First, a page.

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Viewing time through the lens of the self: The fit effect of self-construal and temporal distance on task perception

Authors

  • Sujin Lee,

    Corresponding author
    1. Department of Management Science, Graduate School of Innovation and Technology Management, College of Innovation, KAIST, South Korea
    • Department of Management Science, KAIST (Korea Advanced Institute of Science and Technology), Building N5, #2110, 373-1 Guseong-Dong, Yuseoung-Gu, Daejeon 305-701, South Korea.
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  • Angela Y. Lee,

    1. Department of Marketing, Kellogg School of Management, Northwestern University, Evanston, USA
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  • Mary C. Kern

    1. Department of Management, Zicklin School of Business, Baruch College, New York, USA
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  • This research was presented at the annual conferences of the International Association for Conflict Management in Pittsburgh, PA (June 2004) and the Academy of Management in Anaheim, CA (August 2008).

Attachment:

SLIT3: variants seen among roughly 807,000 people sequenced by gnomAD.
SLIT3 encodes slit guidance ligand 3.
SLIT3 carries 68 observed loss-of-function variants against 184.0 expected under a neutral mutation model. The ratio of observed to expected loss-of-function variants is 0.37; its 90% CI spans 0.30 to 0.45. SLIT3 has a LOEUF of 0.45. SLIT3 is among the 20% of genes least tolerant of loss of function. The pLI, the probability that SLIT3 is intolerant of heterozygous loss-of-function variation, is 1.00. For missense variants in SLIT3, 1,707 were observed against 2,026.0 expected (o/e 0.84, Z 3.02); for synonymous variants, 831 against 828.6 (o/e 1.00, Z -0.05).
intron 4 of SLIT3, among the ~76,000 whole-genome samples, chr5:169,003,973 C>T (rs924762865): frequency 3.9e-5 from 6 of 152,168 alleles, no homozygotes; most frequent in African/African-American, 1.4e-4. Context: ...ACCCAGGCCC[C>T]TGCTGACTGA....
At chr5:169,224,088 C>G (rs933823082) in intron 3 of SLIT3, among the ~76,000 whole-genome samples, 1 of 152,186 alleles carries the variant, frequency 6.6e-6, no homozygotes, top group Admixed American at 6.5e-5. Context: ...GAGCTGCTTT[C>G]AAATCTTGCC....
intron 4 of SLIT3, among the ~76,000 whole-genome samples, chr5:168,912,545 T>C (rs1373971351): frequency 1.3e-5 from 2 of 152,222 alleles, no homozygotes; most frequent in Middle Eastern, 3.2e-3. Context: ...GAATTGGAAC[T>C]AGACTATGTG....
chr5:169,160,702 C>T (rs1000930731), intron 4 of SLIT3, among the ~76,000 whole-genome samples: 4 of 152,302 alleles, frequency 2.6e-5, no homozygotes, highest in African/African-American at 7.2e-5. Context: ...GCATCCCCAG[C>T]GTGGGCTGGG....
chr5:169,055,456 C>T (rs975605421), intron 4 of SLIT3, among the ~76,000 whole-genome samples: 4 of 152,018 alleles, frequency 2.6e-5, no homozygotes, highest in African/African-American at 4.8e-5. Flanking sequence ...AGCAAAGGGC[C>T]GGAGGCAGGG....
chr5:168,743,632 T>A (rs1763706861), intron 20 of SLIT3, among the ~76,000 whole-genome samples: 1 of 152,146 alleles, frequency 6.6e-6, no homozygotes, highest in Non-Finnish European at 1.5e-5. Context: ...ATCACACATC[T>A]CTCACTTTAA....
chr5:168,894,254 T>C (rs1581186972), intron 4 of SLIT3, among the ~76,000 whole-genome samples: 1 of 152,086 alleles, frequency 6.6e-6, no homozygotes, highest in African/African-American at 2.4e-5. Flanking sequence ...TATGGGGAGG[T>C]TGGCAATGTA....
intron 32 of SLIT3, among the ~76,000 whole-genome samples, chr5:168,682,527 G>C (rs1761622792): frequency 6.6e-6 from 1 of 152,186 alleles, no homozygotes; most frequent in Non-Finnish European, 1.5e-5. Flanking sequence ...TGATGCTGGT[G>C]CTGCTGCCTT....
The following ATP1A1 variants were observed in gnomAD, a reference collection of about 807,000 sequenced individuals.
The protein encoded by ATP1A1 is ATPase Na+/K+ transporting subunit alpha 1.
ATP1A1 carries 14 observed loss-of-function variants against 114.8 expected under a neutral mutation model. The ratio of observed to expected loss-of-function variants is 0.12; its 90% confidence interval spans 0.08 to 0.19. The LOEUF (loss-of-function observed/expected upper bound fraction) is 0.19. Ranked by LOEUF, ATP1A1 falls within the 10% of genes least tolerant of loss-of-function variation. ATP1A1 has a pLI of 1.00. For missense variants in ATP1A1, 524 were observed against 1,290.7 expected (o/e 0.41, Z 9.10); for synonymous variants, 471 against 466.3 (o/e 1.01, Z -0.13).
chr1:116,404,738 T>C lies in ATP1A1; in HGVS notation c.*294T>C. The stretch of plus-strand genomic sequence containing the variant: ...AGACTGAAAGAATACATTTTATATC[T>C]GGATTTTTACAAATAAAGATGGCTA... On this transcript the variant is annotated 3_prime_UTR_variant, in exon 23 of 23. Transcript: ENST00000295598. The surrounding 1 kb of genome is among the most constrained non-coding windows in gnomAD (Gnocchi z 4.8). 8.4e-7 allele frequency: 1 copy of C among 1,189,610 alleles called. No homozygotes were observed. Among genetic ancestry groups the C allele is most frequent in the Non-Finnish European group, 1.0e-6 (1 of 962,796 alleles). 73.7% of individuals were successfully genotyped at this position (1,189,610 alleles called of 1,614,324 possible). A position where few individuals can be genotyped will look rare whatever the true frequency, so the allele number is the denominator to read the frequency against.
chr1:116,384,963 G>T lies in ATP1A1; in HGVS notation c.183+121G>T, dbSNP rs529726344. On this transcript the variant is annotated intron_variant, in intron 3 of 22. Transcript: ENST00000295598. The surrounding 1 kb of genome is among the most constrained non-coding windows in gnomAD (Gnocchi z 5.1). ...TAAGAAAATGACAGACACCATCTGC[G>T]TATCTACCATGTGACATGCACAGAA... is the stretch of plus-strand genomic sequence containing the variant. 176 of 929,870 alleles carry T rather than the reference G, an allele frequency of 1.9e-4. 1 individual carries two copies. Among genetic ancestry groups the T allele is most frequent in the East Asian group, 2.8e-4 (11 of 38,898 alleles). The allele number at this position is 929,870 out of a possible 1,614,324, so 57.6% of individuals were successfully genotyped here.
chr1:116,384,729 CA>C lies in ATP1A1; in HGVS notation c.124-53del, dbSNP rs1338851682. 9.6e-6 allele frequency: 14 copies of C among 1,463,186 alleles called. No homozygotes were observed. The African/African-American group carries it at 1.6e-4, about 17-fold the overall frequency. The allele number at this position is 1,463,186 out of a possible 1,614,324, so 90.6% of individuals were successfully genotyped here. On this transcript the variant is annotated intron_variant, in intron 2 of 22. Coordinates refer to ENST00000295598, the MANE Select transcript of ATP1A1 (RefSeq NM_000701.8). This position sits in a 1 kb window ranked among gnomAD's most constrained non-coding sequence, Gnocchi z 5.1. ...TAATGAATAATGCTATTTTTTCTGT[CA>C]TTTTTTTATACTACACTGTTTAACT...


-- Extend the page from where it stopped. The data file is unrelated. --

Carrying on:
Abstract

This paper describes how different self-construals influence people's perception of temporal distance and in turn their task evaluation. We hypothesize that people with a more accessible interdependent (vs. independent) self-construal perceive future events as temporally more proximal, and that people's reaction toward a task is intensified when the temporal distance to the task matches (vs. mismatches) their self-construal. Across four studies, we showed that individuals with a more accessible interdependent self-construal (Study 1) and East Asians (Study 2) perceived future events as more proximal than those with a more accessible independent self-construal and European Americans. Further, when considering a task at a temporal distance that fits their self-construal, individuals perceived a pleasant task as more motivating (Study 3) and an unpleasant task as less motivating (Study 4).

The future is something which everyone reaches at the rate of 60 minutes an hour, whatever he does, whoever he is.

C. S. Lewis

Copyright © 2010 John Wiley & Sons, Ltd.

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